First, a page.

Answers

By   •   January 12, 2012   •   Topics:

Q:

We moved to a new city a few years ago so my husband could take a new job, but I'm afraid we got in over our heads financially. Not only did we buy a house whose value has gone down, but our old house hasn't sold and is sitting empty, and we're burdened with two mortgages. Would it be morally wrong for us to declare bankruptcy?


A:

I know bankruptcy sometimes is the only way out of a financial crisis, but I strongly urge you to pursue it only as a last resort. I’m not a lawyer, of course, but I do know that bankruptcy can affect your life for years to come.

Is it immoral to declare bankruptcy? Some have argued that it is, since someone is going to have to pay for the debt you incurred. However, I find nothing in the Bible that explicitly forbids bankruptcy, as it is provided for in our legal system (unless the motive is to cheat someone who has lent money to us). The Old Testament actually provided for the cancellation of debts every seven years among the ancient Israelites (see Deuteronomy 15:3).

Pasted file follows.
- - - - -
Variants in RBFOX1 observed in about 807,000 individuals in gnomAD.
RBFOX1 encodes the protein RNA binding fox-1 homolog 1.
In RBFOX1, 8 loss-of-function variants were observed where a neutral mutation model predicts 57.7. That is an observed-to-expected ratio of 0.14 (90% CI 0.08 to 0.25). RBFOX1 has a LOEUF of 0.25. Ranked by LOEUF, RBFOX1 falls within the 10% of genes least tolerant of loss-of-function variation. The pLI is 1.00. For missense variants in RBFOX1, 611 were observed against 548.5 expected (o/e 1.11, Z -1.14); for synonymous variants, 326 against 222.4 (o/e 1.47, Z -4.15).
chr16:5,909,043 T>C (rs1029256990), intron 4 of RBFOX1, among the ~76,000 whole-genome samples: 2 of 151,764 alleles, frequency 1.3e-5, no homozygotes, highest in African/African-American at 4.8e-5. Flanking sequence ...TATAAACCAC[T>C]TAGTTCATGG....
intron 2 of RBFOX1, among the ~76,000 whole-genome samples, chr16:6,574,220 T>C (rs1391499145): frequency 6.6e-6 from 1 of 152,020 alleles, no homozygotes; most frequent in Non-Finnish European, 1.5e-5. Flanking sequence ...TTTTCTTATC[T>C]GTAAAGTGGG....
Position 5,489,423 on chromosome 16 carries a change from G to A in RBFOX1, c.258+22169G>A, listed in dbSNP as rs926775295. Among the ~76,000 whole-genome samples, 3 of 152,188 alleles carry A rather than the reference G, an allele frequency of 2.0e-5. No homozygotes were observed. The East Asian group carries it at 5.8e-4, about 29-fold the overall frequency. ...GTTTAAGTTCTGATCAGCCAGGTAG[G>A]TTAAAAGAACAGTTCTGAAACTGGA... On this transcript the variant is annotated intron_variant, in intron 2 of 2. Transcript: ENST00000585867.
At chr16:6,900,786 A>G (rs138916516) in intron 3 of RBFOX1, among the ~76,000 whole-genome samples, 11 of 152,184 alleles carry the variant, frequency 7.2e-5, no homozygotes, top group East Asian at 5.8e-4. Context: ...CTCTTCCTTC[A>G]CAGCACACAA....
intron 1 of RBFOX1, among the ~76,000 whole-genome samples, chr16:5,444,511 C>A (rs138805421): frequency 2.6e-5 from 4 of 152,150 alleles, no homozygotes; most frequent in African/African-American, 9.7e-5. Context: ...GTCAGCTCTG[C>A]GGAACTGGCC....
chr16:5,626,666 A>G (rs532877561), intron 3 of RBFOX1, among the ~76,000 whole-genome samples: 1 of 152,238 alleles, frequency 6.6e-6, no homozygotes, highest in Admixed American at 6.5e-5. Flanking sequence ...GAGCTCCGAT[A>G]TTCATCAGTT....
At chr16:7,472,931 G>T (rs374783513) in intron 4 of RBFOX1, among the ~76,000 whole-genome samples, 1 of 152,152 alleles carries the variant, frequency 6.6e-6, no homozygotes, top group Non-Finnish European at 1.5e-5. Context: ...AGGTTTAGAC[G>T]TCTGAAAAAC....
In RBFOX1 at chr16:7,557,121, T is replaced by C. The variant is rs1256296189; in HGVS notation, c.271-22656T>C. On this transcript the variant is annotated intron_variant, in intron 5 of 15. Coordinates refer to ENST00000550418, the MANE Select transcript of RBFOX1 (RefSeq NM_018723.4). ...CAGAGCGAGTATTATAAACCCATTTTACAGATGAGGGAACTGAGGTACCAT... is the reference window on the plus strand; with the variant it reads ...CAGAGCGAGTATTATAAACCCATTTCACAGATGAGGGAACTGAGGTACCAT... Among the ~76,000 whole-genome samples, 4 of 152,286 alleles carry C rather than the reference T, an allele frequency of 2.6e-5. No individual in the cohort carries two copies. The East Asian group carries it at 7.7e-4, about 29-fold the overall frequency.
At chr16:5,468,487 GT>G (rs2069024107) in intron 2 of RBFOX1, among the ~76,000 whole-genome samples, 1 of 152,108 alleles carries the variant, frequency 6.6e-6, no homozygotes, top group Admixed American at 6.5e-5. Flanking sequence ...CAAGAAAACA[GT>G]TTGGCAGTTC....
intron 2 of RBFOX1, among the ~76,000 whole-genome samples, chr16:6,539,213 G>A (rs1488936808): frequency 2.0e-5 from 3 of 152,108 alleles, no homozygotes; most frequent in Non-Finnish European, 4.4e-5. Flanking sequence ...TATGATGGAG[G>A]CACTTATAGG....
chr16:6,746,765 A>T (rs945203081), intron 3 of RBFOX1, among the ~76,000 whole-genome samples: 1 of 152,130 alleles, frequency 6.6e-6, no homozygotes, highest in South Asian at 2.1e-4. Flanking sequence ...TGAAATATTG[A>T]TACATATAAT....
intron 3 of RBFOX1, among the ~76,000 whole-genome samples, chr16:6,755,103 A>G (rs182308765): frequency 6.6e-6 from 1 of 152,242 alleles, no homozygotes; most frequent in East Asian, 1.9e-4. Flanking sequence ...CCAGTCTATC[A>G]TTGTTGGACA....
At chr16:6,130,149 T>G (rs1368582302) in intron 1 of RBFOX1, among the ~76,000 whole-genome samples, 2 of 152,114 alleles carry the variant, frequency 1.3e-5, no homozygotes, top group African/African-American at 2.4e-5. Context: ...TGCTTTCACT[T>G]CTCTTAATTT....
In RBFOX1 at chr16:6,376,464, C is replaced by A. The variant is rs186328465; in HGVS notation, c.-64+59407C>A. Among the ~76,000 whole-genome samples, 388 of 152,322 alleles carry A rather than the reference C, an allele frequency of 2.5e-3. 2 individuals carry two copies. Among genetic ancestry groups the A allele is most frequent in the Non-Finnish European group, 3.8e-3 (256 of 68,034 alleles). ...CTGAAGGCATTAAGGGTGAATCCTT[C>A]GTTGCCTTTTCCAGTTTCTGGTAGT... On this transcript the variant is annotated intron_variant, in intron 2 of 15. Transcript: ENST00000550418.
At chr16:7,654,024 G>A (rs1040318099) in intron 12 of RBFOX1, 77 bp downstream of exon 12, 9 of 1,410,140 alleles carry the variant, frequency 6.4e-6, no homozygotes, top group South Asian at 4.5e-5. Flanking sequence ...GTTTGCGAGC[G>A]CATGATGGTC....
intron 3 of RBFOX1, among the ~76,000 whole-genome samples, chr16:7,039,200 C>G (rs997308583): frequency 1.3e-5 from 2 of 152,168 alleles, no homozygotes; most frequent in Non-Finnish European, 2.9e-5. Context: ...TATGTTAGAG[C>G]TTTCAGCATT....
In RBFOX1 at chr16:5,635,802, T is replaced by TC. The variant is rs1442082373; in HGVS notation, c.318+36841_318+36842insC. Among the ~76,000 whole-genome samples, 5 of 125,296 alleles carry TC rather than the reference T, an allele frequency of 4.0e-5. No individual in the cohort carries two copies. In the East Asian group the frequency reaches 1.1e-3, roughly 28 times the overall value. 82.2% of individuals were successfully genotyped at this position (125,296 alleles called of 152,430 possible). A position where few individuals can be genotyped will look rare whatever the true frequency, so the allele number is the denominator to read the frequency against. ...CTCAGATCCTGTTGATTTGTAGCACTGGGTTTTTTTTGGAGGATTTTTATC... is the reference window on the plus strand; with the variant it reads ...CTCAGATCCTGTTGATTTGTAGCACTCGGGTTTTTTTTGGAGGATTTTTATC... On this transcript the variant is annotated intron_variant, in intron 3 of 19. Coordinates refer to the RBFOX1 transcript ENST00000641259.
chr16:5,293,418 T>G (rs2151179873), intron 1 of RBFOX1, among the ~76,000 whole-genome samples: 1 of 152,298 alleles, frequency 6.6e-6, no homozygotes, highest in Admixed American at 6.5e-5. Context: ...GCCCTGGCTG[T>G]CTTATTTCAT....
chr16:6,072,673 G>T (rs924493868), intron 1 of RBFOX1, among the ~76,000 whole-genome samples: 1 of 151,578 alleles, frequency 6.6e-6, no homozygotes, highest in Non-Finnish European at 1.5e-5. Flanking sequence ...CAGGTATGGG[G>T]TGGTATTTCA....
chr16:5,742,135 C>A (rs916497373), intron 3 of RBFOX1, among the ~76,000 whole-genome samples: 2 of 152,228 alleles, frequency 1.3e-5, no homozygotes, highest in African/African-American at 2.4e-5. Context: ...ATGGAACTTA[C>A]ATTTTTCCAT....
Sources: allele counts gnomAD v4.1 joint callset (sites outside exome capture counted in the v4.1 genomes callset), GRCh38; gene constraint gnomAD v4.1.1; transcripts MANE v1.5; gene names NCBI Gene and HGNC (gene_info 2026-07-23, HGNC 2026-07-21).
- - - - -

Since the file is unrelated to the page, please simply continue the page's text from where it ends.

At the same time, let me urge you to explore every alternative you can. For example, have you considered renting your first house? The rent might completely cover your mortgage payment — and even if it doesn’t, it still could help you financially. A financial counselor may have other suggestions for you to consider. The Bible says, “Plans fail for lack of counsel, but with many advisers they succeed” (Proverbs 15:22).

The most important advice I can give you, however, is to seek God’s wisdom, and to trust this whole matter into His hands. He knows what is best, and He can be trusted.

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